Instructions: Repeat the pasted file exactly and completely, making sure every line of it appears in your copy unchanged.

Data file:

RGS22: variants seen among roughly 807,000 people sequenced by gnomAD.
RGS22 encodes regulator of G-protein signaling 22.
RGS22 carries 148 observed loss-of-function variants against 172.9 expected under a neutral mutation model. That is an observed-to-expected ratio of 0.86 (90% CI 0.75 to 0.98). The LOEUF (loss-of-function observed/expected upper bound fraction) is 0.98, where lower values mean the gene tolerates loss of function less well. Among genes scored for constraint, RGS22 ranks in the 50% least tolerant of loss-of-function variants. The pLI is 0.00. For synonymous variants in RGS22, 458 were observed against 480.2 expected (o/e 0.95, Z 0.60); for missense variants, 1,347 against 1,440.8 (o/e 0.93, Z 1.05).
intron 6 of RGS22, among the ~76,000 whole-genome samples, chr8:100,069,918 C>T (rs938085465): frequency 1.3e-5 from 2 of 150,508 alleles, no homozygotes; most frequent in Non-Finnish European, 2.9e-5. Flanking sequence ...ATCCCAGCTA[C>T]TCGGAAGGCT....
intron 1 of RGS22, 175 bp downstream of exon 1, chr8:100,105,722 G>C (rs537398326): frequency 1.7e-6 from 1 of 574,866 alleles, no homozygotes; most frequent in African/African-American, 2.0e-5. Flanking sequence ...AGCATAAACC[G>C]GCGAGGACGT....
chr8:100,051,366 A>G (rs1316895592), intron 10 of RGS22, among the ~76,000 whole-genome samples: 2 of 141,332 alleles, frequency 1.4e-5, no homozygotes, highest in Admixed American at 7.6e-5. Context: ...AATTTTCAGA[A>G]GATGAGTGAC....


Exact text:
RGS22: variants seen among roughly 807,000 people sequenced by gnomAD.
RGS22 encodes regulator of G-protein signaling 22.
RGS22 carries 148 observed loss-of-function variants against 172.9 expected under a neutral mutation model. That is an observed-to-expected ratio of 0.86 (90% CI 0.75 to 0.98). The LOEUF (loss-of-function observed/expected upper bound fraction) is 0.98, where lower values mean the gene tolerates loss of function less well. Among genes scored for constraint, RGS22 ranks in the 50% least tolerant of loss-of-function variants. The pLI is 0.00. For synonymous variants in RGS22, 458 were observed against 480.2 expected (o/e 0.95, Z 0.60); for missense variants, 1,347 against 1,440.8 (o/e 0.93, Z 1.05).
intron 6 of RGS22, among the ~76,000 whole-genome samples, chr8:100,069,918 C>T (rs938085465): frequency 1.3e-5 from 2 of 150,508 alleles, no homozygotes; most frequent in Non-Finnish European, 2.9e-5. Flanking sequence ...ATCCCAGCTA[C>T]TCGGAAGGCT....
intron 1 of RGS22, 175 bp downstream of exon 1, chr8:100,105,722 G>C (rs537398326): frequency 1.7e-6 from 1 of 574,866 alleles, no homozygotes; most frequent in African/African-American, 2.0e-5. Flanking sequence ...AGCATAAACC[G>C]GCGAGGACGT....
chr8:100,051,366 A>G (rs1316895592), intron 10 of RGS22, among the ~76,000 whole-genome samples: 2 of 141,332 alleles, frequency 1.4e-5, no homozygotes, highest in Admixed American at 7.6e-5. Context: ...AATTTTCAGA[A>G]GATGAGTGAC....